Visit To Hawk Mountain Sanctuary Worth The Trip

August 19, 2018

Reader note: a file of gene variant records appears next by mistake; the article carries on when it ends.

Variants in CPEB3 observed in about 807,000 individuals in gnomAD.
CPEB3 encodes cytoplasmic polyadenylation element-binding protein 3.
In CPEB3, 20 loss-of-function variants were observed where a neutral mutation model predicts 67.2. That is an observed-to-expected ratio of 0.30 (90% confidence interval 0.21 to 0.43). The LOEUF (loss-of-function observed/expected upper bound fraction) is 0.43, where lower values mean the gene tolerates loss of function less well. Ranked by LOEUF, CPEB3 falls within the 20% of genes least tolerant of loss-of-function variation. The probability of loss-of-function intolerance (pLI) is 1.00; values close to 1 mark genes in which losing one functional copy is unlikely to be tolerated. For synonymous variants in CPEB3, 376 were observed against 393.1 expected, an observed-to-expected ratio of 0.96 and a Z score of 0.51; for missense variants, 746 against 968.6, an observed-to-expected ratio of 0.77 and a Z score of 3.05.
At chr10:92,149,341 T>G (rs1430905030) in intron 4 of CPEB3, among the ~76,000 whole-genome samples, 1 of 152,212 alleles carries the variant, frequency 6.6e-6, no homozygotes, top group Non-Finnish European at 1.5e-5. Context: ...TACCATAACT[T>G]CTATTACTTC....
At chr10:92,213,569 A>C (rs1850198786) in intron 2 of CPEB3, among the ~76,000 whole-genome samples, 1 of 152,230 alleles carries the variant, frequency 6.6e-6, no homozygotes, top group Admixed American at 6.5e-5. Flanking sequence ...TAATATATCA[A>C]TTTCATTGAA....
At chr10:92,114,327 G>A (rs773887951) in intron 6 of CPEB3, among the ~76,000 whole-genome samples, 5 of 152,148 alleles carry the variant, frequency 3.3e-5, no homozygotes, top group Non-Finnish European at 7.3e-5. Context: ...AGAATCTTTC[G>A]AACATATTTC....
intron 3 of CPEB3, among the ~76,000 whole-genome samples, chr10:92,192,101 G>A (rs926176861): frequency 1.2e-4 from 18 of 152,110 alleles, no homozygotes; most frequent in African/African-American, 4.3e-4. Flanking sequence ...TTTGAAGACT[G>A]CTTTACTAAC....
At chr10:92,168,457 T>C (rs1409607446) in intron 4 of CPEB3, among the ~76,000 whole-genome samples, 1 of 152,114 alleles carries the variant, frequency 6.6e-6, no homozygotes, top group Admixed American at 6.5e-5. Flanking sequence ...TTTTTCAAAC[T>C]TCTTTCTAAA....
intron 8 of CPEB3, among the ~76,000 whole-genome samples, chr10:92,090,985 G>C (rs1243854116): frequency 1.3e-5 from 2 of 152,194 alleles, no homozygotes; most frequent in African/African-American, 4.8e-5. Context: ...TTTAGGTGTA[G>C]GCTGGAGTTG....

Even in the pitch-black darkness of predawn, the telltale rumble of crossing railroad tracks and the mist rising off the Schuylkill River indicate to visitors they are just minutes away from reaching their destination. They are winding their way to the top of the Blue Mountain, where the visitor center parking lot and hiking trails of Hawk Mountain Sanctuary await them. For visitors living in central and Northeastern Pennsylvania, these trips to participate in a Sunrise Hike require little effort other than self-disciple and dedication. For visitors such as Marissa Hipp, however, traveling to Hawk Mountain during the early morning or late night hours requires a true commitment. Hipp, who is a resident of western Maryland and involved with several women’s hiking organizations, drives north for a trip that lasts slightly more than three hours through the night on Interstate 81 to arrive at Hawk Mountain before daylight and get on the trails to view the sunrise. Hipp usually makes the trip alone, but she knows the rewards of welcoming a new day atop Hawk Mountain are worth more than can be measured. Listening to the excitement in the tone of her voice when talking about her experiences visiting Hawk Mountain during a recent outdoors writers conference in Maryland served as a reminder — not that it was needed — to several writers from Pennsylvania how fortunate they are to live within the shadow of the mountain. “I can’t wait to return there for the upcoming season,” Hipp said. “There have been so many amazing sights that I’ve seen over the years, and the trail system is well maintained and an attraction onto themselves.” Although the annual Autumn Hawk Watch at Hawk Mountain opened last week and will remain open until Dec. 15, Hipp and other veteran visitors know the best opportunities to see migrating raptors are still six to eight weeks away. Most visitors who come for the primary purpose of seeing and photographing south-bound flights trek to the North Lookout. However, reaching the South Lookout is a shorter walk and also offers the opportunity to see a variety of birds of prey. “In the weeks leading up to the official opening of the Hawk Watch the crowds begin to get larger, especially on weekends,” Hawk Mountain information specialist Gigi Romano said. “Now that the count is officially underway, staff members, trainees and volunteers are stationed at the lookouts to help visitors spot and identify raptors. “Most commonly seen are broad-winged hawks, kestrels, vultures, ospreys and bald eagles. An average 18,000 raptors pass each autumn, and daily counts are posted throughout the season at www.hawkmountain.org. “Veteran visitors come equipped with binoculars and a full daypack to spend the day at North Lookout to enjoy the beauty of the colors in the autumn foliage, as well as viewing, photographing and recording the type of raptors seen. Those with small children often prefer the closer South Lookout, which can be reached using the wheelchair-accessible Silhouette Trail.” During the fall migration, there are weekend programs beginning Sept. 1, and continue through Nov. 4, that are free for members and those with paid admission. During September and October, there are several Saturday programs featuring speakers who will give talks on their experiences and expertise as part of the Autumn Lecture Series, and information about these programs is available at www.hawkmountain.org/events. Although the count of 17,015 raptors in 2017 was disappointing overall, falling below the 10-year average, there were some highlights. A high count of 4,019 broad-winged hawks was recorded Sept. 17, for the ninth-highest single-day count; 16 golden eagles were recorded on Nov 10; and 12 peregrine falcons were recorded on Oct. 7, both of which were the fourth-highest count in Hawk Mountain history. “When people asked why the low counts for so many species, I told them there was likely not one cause, and we think for some species it was the weather,” Romano said. “For late migrating species, such as northern goshawk, red-tailed hawk and golden eagle, the above average temperatures and lack of snow cover to the north may have allowed them to remain on territory.” Trails at Hawk Mountain Sanctuary are open daily from 9 a.m. to 5 p.m. and access is free for those purchasing memberships, which are available online and at the visitor center. Daily trail fees apply for non-members, with reduced rates for seniors and children age 12 and younger. Memberships and trail fees help fund the programs and conservation work done by the staff at Hawk Mountain and are tax deductable. No matter the cost, a visit to Hawk Mountain is an experience that is priceless and too close not to enjoy. Contact the writer: wildlife@timesshamrock.com

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